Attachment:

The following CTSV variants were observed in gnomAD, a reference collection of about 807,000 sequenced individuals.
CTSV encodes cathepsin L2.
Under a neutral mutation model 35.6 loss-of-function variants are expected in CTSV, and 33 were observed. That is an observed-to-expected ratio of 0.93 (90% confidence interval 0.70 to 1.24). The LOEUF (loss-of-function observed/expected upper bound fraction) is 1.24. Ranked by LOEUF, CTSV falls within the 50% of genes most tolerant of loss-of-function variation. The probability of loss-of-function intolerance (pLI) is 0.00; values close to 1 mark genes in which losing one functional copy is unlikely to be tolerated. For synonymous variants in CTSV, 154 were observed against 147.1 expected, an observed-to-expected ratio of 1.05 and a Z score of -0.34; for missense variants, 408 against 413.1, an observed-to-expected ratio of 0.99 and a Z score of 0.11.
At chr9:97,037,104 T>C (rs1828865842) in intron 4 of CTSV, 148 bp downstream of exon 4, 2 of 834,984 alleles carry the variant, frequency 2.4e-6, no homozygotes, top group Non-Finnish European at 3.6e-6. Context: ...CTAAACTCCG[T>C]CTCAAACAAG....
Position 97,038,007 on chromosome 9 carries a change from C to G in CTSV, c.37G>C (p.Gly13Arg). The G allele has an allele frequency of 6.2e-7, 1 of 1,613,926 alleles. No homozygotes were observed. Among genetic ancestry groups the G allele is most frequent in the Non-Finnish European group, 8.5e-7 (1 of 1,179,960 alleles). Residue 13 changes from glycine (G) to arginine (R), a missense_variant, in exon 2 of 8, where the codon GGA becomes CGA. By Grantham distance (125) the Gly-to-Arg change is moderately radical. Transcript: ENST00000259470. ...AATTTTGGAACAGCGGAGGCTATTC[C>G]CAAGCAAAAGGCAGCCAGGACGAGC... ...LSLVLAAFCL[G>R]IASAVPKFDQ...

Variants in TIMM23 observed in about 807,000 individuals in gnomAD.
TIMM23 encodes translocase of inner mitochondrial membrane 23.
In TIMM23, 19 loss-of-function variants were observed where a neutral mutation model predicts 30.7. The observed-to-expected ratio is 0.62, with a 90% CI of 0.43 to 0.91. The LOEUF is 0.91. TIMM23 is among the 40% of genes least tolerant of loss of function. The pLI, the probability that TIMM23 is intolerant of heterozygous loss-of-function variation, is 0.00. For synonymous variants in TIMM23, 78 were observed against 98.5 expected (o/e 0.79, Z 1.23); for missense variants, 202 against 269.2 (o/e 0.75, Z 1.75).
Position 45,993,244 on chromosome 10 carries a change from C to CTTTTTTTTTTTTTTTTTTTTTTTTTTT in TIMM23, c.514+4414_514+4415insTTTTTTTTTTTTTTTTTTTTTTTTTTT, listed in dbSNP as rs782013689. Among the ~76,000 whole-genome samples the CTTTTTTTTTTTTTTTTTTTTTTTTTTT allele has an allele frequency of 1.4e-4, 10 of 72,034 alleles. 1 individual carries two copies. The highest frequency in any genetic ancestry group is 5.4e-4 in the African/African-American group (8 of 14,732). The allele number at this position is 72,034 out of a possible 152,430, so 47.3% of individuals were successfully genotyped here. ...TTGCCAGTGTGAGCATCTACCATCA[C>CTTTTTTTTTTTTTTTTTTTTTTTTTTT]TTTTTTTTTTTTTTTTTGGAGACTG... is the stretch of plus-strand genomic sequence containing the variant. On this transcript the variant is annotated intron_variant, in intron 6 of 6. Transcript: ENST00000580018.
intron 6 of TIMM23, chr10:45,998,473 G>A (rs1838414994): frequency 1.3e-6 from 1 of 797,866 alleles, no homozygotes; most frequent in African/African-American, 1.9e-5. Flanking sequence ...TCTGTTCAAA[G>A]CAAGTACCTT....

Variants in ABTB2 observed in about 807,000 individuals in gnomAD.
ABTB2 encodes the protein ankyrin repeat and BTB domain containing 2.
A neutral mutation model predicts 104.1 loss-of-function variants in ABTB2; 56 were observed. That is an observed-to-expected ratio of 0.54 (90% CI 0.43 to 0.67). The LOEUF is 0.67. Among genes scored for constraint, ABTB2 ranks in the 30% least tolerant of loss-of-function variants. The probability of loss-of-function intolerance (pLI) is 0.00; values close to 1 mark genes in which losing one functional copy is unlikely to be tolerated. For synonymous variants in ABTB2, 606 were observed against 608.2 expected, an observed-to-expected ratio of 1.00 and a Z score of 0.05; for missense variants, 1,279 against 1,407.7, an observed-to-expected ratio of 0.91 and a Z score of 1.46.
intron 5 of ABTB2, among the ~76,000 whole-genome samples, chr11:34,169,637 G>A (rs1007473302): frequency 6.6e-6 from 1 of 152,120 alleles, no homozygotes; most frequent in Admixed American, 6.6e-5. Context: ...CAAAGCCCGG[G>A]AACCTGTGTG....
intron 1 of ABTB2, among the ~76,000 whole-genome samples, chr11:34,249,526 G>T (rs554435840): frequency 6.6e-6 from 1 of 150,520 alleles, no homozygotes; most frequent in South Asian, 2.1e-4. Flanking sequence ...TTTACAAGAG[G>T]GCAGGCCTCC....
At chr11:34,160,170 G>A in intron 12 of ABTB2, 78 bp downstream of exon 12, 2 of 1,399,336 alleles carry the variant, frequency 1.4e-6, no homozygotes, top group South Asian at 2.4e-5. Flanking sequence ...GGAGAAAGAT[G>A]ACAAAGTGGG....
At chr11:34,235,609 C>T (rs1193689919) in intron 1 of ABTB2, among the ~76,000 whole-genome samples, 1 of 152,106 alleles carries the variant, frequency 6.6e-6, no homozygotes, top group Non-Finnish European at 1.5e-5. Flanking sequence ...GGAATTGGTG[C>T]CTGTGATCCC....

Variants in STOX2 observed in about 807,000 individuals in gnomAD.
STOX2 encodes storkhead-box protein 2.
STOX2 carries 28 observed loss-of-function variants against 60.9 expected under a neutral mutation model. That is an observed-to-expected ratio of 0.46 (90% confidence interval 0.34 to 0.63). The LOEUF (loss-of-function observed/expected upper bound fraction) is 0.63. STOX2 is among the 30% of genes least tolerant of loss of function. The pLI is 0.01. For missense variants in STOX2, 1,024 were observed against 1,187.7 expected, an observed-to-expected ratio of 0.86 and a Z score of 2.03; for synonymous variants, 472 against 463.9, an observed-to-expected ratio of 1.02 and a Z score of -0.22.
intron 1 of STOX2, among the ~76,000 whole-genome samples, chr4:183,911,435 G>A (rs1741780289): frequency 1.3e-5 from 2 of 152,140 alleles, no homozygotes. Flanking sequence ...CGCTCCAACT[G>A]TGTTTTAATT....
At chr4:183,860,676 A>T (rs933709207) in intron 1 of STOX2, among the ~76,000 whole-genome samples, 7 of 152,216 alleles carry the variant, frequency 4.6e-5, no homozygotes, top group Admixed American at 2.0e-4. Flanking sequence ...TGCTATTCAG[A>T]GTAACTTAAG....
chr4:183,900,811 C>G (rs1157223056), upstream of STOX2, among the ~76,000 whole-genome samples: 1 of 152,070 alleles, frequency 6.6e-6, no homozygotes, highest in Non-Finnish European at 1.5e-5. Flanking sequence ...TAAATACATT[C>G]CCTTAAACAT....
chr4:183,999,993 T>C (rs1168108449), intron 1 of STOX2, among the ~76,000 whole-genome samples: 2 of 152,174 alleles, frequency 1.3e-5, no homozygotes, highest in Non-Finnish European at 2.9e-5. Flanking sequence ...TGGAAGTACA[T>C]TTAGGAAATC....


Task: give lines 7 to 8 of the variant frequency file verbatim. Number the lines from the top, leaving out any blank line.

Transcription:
TIMM23 encodes translocase of inner mitochondrial membrane 23.
In TIMM23, 19 loss-of-function variants were observed where a neutral mutation model predicts 30.7. The observed-to-expected ratio is 0.62, with a 90% CI of 0.43 to 0.91. The LOEUF is 0.91. TIMM23 is among the 40% of genes least tolerant of loss of function. The pLI, the probability that TIMM23 is intolerant of heterozygous loss-of-function variation, is 0.00. For synonymous variants in TIMM23, 78 were observed against 98.5 expected (o/e 0.79, Z 1.23); for missense variants, 202 against 269.2 (o/e 0.75, Z 1.75).